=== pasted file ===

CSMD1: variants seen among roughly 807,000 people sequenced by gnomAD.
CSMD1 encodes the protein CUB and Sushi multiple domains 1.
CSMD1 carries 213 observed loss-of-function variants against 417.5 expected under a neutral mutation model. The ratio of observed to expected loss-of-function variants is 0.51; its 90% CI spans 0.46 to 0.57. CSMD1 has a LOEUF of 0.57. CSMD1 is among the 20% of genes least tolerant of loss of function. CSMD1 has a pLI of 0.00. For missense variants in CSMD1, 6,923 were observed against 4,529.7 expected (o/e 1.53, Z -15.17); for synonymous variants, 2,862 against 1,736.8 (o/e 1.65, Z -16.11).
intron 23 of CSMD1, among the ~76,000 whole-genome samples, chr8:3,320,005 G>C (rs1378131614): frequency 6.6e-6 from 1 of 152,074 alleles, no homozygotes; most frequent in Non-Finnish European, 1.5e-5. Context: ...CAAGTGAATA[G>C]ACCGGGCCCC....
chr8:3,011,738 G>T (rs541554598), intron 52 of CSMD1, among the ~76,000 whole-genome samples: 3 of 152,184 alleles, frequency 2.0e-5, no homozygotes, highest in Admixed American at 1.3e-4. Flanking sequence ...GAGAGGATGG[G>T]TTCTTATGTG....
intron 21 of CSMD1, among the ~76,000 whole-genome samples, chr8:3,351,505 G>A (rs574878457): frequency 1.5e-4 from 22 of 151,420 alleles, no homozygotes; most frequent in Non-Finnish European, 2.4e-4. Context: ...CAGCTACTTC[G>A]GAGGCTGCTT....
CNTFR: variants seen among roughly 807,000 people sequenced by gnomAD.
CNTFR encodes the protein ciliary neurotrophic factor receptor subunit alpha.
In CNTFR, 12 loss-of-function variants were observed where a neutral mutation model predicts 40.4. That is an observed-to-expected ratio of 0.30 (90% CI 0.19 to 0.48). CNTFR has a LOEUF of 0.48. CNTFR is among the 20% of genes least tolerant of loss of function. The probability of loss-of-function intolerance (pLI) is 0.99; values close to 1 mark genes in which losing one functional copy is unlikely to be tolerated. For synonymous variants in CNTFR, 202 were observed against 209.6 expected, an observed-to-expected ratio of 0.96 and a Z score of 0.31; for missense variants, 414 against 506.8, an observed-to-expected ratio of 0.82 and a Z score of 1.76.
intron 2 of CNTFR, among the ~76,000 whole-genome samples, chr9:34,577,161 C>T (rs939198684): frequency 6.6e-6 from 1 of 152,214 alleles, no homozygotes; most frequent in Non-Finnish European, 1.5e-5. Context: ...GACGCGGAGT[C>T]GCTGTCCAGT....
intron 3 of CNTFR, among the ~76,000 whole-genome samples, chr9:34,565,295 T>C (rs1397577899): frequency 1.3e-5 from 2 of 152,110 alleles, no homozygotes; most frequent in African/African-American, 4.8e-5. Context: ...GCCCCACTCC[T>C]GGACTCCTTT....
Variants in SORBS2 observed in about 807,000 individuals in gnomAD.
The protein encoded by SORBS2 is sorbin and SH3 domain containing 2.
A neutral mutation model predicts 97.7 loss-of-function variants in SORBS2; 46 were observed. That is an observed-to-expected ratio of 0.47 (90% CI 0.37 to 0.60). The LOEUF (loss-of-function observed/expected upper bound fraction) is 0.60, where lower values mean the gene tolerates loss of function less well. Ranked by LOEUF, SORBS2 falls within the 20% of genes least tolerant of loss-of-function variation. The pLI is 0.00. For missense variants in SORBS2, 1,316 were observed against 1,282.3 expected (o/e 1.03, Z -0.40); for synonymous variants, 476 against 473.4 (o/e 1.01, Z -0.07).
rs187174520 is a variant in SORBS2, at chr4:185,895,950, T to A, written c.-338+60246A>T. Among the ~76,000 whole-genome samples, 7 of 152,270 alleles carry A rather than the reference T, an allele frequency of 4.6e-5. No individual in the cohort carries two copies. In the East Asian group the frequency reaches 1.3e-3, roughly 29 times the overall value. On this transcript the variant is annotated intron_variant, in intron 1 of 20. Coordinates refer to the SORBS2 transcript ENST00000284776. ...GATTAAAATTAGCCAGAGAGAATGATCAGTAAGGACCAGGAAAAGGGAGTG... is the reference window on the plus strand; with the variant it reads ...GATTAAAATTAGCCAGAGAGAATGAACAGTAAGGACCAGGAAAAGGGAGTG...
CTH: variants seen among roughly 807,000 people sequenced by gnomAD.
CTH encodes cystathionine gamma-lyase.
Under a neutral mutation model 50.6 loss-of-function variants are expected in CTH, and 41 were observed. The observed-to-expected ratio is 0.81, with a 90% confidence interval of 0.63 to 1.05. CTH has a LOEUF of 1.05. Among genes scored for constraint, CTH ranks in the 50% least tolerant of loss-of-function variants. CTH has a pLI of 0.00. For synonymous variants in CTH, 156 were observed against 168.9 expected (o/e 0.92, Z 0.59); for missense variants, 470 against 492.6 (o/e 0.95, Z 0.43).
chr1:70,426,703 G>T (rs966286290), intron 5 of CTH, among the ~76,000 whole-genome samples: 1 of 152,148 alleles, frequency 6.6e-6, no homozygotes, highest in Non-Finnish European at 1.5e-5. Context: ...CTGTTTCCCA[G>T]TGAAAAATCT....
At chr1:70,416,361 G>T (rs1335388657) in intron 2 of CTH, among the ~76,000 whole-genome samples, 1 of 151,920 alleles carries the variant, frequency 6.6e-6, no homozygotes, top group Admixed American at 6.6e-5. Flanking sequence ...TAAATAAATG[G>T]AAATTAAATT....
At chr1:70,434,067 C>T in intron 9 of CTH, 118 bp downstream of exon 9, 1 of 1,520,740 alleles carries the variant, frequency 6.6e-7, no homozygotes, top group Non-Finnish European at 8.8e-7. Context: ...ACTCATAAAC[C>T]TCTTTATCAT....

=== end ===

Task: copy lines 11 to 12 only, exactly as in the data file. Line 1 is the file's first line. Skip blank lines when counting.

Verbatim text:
intron 3 of CNTFR, among the ~76,000 whole-genome samples, chr9:34,565,295 T>C (rs1397577899): frequency 1.3e-5 from 2 of 152,110 alleles, no homozygotes; most frequent in African/African-American, 4.8e-5. Context: ...GCCCCACTCC[T>C]GGACTCCTTT....
Variants in SORBS2 observed in about 807,000 individuals in gnomAD.